Based in the trendy Woodstock neighbourhood, we meet the brewery’s founder Lethu Tshabangu. Right next to the fantastic Saturday Neighbourgoods Market, it’s a great stop to make after building up a thirst checking out the hundred or more food stalls, live music and arts and crafts sellers.
Originally from southern Zimbabwe, Lethu is a member of the Ndebebe tribe and his own teenage experiences of rural African beer culture have influenced his modern craft brewery. His bestselling Sorghum Saison is a must try, being a reinterpretation of the traditional Umqombothi drink. The ‘q’ is pronounced by clicking your tongue - something I’ve been trying and failing to master ever since.
Traditionally made by pounding sorghum in water and leaving it to ferment with water overnight, before adding more malt and water, the mash resembles porridge and is later hand-filtered by squeezing through a special reed cloth called an Ishluzo. “My granny would make it and teach the girls in the family to make it, too,” Lethu explains. His wife, who works with him in the brewery, learned to make alcohol this way.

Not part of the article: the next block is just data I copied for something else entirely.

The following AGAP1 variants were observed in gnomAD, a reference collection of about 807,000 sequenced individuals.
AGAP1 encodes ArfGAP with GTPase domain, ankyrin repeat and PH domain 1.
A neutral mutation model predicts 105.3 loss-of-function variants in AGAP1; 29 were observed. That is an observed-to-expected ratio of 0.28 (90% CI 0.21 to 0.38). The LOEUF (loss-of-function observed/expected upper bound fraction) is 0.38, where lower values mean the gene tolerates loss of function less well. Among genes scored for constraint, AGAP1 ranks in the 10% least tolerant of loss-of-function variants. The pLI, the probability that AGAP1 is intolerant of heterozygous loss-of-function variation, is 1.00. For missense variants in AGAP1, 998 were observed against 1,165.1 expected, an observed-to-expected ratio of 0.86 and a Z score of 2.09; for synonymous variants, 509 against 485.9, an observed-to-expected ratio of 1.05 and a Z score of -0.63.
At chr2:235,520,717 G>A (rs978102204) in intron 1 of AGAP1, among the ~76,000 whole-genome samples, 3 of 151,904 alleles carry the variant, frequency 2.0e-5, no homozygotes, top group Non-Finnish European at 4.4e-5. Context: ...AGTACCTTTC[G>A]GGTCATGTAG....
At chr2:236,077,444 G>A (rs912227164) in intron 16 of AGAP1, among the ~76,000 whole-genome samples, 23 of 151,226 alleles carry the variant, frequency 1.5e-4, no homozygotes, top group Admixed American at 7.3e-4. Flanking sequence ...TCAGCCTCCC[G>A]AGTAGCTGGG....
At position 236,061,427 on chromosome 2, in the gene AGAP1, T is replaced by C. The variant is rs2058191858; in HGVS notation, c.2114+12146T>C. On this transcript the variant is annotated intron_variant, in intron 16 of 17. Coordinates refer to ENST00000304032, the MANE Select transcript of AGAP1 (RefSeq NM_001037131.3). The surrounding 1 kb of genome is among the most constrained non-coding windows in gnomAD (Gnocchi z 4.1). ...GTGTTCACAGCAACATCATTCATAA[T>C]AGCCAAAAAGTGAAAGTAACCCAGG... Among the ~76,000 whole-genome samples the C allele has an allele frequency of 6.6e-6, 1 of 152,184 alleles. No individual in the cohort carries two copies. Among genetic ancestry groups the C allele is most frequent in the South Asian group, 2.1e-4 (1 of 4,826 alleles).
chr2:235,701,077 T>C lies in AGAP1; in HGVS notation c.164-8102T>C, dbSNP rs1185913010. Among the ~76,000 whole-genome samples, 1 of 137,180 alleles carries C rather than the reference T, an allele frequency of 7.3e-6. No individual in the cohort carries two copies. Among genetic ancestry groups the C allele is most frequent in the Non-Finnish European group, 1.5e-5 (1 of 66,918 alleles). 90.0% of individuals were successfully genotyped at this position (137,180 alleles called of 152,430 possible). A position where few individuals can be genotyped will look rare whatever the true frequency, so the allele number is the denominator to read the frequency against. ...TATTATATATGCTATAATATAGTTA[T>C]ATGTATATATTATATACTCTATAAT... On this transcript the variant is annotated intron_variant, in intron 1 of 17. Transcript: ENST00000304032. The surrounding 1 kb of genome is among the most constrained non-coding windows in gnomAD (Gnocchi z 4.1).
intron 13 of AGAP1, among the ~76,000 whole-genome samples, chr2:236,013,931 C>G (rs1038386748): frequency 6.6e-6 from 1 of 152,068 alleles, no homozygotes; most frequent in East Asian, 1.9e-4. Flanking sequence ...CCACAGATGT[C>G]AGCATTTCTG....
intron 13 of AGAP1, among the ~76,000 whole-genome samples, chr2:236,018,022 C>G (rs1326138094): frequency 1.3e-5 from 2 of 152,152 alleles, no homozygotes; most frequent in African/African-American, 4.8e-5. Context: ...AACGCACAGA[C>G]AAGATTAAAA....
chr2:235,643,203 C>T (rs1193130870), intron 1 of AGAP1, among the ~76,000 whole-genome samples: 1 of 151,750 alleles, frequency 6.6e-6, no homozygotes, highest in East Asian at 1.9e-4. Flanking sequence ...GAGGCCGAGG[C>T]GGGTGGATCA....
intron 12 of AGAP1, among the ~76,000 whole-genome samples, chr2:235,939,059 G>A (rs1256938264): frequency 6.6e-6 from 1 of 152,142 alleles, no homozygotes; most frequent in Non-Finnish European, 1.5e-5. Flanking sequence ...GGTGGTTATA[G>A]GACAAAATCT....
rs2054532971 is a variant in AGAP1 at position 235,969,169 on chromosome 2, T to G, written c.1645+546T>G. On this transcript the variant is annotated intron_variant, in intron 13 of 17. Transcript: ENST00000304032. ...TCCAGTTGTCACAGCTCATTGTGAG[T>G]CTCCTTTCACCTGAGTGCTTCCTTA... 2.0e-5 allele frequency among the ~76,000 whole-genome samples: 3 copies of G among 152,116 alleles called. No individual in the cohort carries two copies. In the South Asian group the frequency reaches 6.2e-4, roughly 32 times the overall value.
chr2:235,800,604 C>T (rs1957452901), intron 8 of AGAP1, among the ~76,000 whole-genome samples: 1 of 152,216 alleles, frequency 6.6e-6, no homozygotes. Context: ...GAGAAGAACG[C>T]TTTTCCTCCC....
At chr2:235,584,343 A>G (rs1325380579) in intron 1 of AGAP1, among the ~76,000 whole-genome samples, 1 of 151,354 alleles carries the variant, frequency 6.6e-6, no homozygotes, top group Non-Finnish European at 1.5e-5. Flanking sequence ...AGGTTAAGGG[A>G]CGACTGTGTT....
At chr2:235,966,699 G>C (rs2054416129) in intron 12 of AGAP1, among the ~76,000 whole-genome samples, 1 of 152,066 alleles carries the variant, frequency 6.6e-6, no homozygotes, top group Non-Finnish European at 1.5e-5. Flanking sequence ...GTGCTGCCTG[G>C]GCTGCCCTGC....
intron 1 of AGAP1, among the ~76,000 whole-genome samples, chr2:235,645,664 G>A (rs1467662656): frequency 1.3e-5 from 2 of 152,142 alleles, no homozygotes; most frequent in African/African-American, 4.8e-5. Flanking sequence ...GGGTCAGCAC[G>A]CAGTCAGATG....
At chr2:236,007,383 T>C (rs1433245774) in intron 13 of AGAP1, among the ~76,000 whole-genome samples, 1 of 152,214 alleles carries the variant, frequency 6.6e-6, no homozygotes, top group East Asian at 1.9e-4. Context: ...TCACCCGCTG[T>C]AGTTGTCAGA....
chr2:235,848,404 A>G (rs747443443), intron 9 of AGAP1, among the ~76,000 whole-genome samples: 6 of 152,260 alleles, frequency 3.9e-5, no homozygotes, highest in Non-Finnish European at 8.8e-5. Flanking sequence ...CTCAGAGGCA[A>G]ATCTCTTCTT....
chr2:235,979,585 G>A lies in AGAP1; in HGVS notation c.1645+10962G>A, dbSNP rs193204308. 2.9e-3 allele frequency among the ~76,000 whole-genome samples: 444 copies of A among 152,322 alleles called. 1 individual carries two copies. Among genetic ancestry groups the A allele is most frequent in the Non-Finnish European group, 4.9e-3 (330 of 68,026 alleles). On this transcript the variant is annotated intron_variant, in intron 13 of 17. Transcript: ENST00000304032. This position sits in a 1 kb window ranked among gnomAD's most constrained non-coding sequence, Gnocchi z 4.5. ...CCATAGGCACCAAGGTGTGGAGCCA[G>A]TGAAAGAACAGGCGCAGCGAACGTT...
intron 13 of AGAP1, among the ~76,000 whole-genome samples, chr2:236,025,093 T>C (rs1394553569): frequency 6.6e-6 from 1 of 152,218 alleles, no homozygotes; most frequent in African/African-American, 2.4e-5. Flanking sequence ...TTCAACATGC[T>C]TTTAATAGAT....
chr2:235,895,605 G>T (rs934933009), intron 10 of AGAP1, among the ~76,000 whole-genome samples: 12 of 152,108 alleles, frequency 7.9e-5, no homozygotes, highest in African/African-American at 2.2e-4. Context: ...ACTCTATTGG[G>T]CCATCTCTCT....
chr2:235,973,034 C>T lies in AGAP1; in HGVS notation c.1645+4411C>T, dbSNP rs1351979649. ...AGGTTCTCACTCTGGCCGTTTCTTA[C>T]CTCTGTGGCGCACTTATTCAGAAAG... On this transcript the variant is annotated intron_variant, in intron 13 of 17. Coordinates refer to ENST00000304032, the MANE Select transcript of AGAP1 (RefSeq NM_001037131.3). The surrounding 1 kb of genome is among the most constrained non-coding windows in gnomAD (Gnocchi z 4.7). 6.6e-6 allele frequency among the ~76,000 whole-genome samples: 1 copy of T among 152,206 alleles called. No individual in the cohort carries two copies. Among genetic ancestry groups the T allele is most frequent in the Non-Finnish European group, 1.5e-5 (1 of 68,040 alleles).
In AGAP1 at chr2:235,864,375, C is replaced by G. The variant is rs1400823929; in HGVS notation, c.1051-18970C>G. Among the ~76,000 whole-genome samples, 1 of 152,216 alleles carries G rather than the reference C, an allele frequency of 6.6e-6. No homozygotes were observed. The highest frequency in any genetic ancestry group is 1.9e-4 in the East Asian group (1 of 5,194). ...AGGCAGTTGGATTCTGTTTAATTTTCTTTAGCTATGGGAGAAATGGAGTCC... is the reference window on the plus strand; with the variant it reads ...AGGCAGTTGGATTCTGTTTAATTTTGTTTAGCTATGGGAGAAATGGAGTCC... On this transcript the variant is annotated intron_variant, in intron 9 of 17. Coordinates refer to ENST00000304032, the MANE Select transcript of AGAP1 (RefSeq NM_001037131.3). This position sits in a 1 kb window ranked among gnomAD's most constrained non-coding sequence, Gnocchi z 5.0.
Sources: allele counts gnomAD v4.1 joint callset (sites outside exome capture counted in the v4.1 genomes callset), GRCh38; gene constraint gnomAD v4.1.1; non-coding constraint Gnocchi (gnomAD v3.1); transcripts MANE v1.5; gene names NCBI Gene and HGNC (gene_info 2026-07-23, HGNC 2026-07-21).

Having tasted the original with the Devil’s Peak team during a night out at Beerhouse (packaged in a carton, it looks like fermented milk and doesn’t taste much better), I can say that Lethu’s saison is a wonderful reinterpretation; a tasty, slightly spicy saison, with the sorghum providing extra mouthfeel. We loved the concept of reinventing traditional African techniques. “I’m working on a NEIPA made with millet,” he says, as he casually fills a beautiful ceramic pot with a litre or so of saison.
“In our culture, if a guest visits the village, everyone will take a sip from this pot – it is called an Ukhamba, like my brewery,” Lethu says, as he and his two brewers take the first sips. “Then the guest has to finish the rest of the pot”. As it’s 11am and we have a full schedule ahead, I sadly have to disappoint their tradition, but do enjoy a few good gulps before getting on our way.